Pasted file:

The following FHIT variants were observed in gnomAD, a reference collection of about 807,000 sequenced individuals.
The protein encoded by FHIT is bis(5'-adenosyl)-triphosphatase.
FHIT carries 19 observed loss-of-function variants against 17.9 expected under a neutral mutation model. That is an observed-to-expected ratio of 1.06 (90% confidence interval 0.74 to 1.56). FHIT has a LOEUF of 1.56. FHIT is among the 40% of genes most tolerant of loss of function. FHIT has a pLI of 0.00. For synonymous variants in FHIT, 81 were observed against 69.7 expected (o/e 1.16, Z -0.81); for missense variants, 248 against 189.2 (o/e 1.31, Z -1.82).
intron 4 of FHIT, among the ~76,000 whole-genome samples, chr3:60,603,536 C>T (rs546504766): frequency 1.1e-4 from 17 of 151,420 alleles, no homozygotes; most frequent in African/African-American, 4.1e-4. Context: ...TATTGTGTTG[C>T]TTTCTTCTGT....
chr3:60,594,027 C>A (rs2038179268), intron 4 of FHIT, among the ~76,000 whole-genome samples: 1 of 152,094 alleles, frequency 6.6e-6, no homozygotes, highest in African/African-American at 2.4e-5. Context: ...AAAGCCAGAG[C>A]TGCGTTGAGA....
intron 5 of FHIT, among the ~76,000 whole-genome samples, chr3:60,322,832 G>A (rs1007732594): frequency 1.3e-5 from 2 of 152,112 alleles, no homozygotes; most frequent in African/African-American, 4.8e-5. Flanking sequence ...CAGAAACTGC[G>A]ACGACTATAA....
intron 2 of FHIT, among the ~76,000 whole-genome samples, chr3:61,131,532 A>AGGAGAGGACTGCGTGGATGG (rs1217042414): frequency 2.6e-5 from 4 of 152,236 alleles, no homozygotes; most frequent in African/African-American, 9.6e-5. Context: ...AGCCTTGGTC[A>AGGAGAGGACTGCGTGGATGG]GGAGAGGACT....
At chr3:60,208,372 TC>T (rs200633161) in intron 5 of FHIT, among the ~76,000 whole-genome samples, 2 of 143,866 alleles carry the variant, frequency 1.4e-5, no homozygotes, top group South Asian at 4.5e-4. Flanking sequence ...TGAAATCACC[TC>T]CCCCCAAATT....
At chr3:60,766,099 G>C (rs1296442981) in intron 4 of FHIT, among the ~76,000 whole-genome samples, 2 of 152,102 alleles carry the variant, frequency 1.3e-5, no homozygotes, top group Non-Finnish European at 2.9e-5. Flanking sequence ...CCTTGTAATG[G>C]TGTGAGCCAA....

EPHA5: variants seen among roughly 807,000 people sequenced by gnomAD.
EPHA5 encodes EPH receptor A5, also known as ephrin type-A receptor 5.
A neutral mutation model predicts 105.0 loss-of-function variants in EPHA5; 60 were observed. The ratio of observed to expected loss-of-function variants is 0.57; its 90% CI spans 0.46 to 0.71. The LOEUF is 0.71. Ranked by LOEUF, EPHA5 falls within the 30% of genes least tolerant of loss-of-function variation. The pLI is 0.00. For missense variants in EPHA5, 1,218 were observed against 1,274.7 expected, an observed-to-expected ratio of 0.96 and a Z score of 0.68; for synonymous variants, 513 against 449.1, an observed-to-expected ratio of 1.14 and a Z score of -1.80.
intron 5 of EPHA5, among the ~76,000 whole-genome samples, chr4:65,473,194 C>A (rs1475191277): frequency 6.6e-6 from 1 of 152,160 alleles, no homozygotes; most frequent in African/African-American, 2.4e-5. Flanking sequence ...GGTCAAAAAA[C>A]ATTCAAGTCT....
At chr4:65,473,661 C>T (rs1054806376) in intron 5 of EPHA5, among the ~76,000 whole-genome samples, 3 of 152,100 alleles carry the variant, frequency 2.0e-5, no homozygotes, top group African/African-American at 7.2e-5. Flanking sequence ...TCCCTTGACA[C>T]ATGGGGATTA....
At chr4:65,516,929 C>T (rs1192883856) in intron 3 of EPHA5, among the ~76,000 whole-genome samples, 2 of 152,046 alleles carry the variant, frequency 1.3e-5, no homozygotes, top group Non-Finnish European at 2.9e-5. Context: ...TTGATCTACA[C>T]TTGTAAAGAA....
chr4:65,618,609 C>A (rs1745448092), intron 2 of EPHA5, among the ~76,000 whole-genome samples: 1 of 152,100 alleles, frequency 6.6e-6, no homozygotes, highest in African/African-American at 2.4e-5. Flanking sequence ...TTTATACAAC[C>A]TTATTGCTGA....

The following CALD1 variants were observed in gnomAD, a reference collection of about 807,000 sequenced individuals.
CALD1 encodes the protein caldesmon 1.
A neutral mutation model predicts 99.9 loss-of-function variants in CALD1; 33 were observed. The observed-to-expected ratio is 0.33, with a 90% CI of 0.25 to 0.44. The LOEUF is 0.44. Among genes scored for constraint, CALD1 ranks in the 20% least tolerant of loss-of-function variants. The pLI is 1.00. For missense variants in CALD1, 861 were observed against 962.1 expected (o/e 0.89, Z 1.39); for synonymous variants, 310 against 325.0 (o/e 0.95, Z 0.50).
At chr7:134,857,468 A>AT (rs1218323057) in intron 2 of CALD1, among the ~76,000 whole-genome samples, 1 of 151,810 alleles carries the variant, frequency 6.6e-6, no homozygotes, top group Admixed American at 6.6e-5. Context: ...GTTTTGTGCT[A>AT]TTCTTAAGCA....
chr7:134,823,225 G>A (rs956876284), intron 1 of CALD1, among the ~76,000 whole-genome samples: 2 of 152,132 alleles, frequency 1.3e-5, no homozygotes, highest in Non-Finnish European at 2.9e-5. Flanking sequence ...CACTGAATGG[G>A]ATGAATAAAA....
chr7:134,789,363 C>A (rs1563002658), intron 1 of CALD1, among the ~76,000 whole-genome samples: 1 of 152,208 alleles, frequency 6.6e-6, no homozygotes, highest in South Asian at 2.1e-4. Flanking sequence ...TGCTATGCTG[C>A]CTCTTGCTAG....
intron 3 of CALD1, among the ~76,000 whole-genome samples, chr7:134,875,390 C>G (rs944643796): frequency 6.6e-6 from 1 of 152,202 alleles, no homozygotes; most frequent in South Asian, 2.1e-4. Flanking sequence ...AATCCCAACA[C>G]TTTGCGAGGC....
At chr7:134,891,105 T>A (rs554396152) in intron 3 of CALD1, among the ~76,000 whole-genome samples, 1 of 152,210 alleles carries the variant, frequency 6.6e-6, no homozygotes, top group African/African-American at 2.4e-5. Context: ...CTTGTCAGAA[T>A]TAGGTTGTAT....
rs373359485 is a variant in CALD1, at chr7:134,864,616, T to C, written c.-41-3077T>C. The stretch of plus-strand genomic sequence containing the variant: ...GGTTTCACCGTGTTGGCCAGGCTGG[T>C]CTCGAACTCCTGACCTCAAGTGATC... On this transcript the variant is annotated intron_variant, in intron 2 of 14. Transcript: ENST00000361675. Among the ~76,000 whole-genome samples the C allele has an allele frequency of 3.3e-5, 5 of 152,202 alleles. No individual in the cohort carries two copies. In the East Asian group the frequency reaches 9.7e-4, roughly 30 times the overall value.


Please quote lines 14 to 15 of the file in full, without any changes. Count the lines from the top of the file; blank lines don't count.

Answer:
At chr4:65,473,661 C>T (rs1054806376) in intron 5 of EPHA5, among the ~76,000 whole-genome samples, 3 of 152,100 alleles carry the variant, frequency 2.0e-5, no homozygotes, top group African/African-American at 7.2e-5. Flanking sequence ...TCCCTTGACA[C>T]ATGGGGATTA....
At chr4:65,516,929 C>T (rs1192883856) in intron 3 of EPHA5, among the ~76,000 whole-genome samples, 2 of 152,046 alleles carry the variant, frequency 1.3e-5, no homozygotes, top group Non-Finnish European at 2.9e-5. Context: ...TTGATCTACA[C>T]TTGTAAAGAA....